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Clinical placements for undergraduate diagnostic radiography students amidst the COVID-19 pandemic in Singapore: Preparation, challenges and strategies for safe resumption

Authors
  • Tay, Yi Xiang1
  • Sng, Li Hoon2, 3
  • Chow, Hwei Chuin1
  • Zainuldin, Muhammad Rahizan3
  • 1 Division of Radiological Sciences, Radiography Department, Singapore General Hospital, Singapore
  • 2 Department of Radiology, Sengkang General Hospital, Singapore
  • 3 Health and Social Sciences, Singapore Institute of Technology (SIT), Singapore
Type
Published Article
Journal
Journal of Medical Imaging and Radiation Sciences
Publisher
Published by Elsevier Inc. on behalf of Canadian Association of Medical Radiation Technologists.
Publication Date
Aug 18, 2020
Identifiers
DOI: 10.1016/j.jmir.2020.08.012
PMID: 32868260
PMCID: PMC7434406
Source
PubMed Central
Keywords
License
Unknown

Abstract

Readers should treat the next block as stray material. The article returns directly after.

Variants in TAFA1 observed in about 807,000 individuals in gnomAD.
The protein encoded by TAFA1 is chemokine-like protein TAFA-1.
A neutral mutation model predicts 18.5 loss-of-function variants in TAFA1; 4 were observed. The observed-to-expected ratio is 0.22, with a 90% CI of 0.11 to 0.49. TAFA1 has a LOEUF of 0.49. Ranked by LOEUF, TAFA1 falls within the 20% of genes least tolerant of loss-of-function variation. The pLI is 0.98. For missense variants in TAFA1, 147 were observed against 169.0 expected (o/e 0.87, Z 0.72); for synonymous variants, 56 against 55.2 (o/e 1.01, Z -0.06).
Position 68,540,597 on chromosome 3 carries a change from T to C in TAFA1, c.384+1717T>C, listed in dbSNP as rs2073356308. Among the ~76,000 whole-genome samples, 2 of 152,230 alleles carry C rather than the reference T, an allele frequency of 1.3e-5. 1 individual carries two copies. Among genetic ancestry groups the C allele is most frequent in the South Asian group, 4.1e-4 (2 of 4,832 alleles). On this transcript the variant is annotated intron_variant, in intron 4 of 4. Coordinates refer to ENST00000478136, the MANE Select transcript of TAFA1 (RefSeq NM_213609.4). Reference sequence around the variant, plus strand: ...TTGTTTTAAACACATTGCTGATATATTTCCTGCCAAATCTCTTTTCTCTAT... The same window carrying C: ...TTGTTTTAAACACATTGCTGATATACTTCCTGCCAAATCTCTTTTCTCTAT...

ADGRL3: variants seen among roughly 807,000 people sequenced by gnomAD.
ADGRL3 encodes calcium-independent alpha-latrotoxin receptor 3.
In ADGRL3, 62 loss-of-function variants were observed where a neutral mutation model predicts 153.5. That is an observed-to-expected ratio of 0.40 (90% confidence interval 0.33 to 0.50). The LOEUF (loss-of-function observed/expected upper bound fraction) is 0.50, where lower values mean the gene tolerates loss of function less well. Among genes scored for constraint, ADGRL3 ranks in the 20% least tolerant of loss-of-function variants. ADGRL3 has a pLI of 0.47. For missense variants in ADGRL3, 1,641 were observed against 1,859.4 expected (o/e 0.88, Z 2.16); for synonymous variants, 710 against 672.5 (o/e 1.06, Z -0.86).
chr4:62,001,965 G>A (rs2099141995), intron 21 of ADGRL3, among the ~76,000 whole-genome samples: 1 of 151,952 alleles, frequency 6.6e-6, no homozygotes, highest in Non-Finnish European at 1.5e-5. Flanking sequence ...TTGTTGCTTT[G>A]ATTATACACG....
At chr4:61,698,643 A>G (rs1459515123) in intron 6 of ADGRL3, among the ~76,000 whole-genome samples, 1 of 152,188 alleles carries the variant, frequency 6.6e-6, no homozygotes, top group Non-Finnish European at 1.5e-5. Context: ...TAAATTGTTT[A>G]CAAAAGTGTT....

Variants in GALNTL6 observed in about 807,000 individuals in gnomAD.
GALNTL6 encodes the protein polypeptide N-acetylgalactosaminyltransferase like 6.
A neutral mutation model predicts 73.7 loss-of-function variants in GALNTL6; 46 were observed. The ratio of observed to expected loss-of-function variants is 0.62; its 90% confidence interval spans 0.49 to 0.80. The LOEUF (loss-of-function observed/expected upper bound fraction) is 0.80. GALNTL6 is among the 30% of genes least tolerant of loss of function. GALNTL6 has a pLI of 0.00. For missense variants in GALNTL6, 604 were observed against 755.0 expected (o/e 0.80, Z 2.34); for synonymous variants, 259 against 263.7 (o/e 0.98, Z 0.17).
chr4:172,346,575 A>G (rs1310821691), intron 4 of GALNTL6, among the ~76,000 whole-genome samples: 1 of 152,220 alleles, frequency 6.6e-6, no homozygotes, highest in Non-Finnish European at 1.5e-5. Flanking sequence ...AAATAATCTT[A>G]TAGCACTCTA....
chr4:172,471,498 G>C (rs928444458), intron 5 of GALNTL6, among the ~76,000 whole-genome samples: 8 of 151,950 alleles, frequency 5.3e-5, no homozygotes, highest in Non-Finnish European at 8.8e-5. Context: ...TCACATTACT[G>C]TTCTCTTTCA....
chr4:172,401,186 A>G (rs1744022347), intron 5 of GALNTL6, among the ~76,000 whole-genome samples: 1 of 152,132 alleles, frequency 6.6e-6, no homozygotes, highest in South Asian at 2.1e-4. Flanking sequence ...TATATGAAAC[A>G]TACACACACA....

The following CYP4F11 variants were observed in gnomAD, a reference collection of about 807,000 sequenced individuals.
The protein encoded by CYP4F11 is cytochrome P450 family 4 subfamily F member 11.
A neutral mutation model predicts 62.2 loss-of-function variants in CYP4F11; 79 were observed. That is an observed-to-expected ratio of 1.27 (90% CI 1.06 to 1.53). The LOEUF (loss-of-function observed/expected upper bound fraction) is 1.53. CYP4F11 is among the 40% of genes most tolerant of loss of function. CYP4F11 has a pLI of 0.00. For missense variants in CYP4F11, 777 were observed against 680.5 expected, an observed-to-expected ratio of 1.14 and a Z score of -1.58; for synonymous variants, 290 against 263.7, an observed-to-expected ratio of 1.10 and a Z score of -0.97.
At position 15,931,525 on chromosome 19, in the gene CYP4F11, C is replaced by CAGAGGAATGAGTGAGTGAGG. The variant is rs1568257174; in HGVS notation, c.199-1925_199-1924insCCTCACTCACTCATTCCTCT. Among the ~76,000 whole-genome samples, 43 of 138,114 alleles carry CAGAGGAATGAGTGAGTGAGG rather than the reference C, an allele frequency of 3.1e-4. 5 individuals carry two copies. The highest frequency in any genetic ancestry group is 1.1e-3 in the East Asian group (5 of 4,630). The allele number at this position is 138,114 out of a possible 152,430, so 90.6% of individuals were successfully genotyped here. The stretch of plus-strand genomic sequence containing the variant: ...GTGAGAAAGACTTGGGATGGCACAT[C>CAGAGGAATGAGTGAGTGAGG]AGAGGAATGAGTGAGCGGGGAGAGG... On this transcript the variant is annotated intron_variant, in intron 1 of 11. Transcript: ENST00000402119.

Introduction The COVID-19 pandemic resulted in the suspension of clinical training for undergraduate radiography students in Singapore. Coordinated preparation plans and strategies between the university and hospitals were needed to safely resume clinical placements within national and hospitals’ risk control measures against COVID-19 transmission. Methods Singapore Institute of Technology (SIT) and the Radiology Department of Singapore General Hospital (SGH) had collaborated to meet requirements for safe resumption of clinical placements. SIT prepared students by emphasising compliance to all risk measures, addressing concerns of risk transmission, meeting learning objectives, and reassessing infection control competencies. In tandem, SGH prepared an orientation programme and used technology for open communication among faculty, clinical educators and students which included monitoring of well-being and rapid dissemination of updates. Of note, SGH reorganised operating procedures and physical spaces to meet national standards of safe physical distancing, restricted movement between treatment areas and teams, and rosters to remain committed to the supervision and education of students. Results Clinical placements resumed 3 months following suspension. Clinical educators faced the challenge of the need for balance between increasing clinical load and student supervision. A solution was frequent engagement and support by faculty, with educators and students via video conferencing platforms. Students’ well-being was frequently checked. There was less variation in cases which simulation training made up for some of the learning objectives. Conclusion Adaptation and commitment to continue active and quality clinical education while ensuring students' safety were vital during a pandemic. Clinical training within stringent precautionary measures may shape the era of the new norm.

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